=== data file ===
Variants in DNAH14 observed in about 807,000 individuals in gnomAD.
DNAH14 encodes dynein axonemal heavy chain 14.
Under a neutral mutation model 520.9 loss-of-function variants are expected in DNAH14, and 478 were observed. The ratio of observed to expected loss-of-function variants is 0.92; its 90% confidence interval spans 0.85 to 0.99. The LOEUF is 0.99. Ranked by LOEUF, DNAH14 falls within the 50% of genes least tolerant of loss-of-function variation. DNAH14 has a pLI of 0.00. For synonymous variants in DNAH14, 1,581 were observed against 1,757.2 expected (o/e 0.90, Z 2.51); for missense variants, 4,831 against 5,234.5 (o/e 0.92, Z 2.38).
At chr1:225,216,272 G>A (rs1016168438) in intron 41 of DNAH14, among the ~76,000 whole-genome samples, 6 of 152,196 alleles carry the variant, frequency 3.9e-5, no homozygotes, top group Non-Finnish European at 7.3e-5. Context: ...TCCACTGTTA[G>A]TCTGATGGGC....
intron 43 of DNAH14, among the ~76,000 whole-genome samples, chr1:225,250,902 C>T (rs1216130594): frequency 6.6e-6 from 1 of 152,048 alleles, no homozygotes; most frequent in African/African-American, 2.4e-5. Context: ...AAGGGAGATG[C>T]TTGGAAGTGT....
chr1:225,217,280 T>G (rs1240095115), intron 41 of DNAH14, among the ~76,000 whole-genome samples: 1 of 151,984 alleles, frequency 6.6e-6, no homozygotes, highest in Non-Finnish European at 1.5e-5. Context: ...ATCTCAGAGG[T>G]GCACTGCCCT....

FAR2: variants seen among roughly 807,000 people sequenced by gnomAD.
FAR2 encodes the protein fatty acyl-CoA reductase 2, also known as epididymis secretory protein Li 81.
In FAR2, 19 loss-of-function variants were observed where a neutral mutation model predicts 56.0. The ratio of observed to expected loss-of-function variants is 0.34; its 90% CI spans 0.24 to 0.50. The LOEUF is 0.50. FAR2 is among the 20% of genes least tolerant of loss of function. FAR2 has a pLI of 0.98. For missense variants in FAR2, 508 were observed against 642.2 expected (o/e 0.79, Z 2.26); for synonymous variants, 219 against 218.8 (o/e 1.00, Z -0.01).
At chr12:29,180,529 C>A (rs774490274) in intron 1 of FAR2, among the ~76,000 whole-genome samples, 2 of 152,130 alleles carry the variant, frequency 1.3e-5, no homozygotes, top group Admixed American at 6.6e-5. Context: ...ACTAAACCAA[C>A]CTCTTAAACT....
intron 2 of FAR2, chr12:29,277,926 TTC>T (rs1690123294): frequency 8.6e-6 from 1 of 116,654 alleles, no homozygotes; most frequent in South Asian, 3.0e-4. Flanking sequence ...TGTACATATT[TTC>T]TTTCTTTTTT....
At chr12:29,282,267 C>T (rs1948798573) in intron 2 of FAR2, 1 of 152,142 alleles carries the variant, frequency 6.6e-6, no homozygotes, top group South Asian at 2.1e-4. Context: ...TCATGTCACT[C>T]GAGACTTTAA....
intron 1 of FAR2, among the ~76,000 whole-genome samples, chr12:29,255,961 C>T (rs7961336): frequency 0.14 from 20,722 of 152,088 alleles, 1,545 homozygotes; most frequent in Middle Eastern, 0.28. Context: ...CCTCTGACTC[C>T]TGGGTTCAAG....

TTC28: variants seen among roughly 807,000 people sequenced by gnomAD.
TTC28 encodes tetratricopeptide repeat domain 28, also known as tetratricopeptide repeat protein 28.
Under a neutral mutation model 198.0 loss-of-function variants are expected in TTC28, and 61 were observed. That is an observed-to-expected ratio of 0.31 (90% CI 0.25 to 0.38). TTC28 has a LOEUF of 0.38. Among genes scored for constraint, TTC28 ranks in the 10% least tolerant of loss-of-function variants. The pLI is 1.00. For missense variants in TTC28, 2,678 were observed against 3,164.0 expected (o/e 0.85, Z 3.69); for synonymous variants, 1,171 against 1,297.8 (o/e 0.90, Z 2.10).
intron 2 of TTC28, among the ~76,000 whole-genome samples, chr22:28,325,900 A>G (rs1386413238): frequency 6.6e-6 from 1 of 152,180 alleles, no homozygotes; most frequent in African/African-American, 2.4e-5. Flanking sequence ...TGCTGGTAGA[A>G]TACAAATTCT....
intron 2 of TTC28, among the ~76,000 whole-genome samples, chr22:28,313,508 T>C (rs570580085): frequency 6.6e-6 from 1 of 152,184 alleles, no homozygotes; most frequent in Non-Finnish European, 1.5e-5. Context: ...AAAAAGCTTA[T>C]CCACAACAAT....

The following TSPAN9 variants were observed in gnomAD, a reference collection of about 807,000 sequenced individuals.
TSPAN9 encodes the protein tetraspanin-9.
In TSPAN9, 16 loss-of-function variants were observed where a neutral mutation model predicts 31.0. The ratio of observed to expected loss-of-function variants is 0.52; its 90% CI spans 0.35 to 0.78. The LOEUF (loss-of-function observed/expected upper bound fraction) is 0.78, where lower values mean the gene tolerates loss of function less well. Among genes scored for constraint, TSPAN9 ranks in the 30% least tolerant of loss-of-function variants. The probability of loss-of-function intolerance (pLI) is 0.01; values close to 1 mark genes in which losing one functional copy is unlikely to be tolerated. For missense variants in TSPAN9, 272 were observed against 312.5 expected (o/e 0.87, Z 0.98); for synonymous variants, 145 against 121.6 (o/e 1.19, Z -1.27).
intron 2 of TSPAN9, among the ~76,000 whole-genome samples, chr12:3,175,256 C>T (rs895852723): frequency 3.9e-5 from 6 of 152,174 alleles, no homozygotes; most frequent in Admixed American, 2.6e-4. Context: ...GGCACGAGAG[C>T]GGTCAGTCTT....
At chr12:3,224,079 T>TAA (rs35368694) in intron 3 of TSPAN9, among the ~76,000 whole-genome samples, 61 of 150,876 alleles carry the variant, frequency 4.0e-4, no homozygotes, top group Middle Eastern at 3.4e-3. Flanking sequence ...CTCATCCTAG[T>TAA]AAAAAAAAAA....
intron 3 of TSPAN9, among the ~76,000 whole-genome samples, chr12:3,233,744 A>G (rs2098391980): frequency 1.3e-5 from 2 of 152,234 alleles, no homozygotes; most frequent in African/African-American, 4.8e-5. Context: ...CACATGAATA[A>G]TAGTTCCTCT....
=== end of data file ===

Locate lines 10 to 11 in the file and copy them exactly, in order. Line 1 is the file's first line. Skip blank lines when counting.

At chr12:29,180,529 C>A (rs774490274) in intron 1 of FAR2, among the ~76,000 whole-genome samples, 2 of 152,130 alleles carry the variant, frequency 1.3e-5, no homozygotes, top group Admixed American at 6.6e-5. Context: ...ACTAAACCAA[C>A]CTCTTAAACT....
intron 2 of FAR2, chr12:29,277,926 TTC>T (rs1690123294): frequency 8.6e-6 from 1 of 116,654 alleles, no homozygotes; most frequent in South Asian, 3.0e-4. Flanking sequence ...TGTACATATT[TTC>T]TTTCTTTTTT....